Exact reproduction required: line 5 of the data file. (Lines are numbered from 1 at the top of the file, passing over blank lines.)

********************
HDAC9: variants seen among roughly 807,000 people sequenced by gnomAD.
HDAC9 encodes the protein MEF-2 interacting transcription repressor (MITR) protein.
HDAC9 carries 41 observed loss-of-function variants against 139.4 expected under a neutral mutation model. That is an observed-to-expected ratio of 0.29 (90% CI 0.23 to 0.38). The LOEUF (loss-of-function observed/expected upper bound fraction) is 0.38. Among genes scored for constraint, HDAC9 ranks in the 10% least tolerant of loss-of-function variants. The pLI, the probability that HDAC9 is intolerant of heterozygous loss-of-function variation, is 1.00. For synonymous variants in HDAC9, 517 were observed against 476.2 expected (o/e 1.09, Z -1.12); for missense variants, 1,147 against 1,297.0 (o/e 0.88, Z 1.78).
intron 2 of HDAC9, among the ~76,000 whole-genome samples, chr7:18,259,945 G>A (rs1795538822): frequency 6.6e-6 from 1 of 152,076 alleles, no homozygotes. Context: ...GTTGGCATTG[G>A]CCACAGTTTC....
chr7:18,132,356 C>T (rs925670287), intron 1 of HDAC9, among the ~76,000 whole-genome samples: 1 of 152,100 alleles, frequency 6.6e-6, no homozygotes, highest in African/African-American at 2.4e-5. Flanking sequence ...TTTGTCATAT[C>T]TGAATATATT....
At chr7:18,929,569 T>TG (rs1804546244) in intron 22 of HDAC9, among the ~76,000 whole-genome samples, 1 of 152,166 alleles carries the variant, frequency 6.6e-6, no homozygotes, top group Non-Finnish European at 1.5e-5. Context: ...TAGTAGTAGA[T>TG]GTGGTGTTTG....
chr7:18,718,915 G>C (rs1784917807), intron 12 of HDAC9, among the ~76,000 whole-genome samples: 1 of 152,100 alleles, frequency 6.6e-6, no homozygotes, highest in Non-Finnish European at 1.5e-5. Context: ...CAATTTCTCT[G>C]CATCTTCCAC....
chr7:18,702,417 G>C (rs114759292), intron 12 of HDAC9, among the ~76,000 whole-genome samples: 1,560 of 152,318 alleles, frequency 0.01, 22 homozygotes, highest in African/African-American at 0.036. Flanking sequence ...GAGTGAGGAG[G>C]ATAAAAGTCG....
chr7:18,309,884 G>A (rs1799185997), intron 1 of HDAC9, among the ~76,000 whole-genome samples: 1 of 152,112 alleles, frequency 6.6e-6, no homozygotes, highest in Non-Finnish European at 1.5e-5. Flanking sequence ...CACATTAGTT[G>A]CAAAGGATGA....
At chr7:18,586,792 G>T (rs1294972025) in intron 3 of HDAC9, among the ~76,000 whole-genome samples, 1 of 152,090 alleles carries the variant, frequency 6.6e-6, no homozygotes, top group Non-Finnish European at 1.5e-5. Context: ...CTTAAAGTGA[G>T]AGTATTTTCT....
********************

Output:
chr7:18,132,356 C>T (rs925670287), intron 1 of HDAC9, among the ~76,000 whole-genome samples: 1 of 152,100 alleles, frequency 6.6e-6, no homozygotes, highest in African/African-American at 2.4e-5. Flanking sequence ...TTTGTCATAT[C>T]TGAATATATT....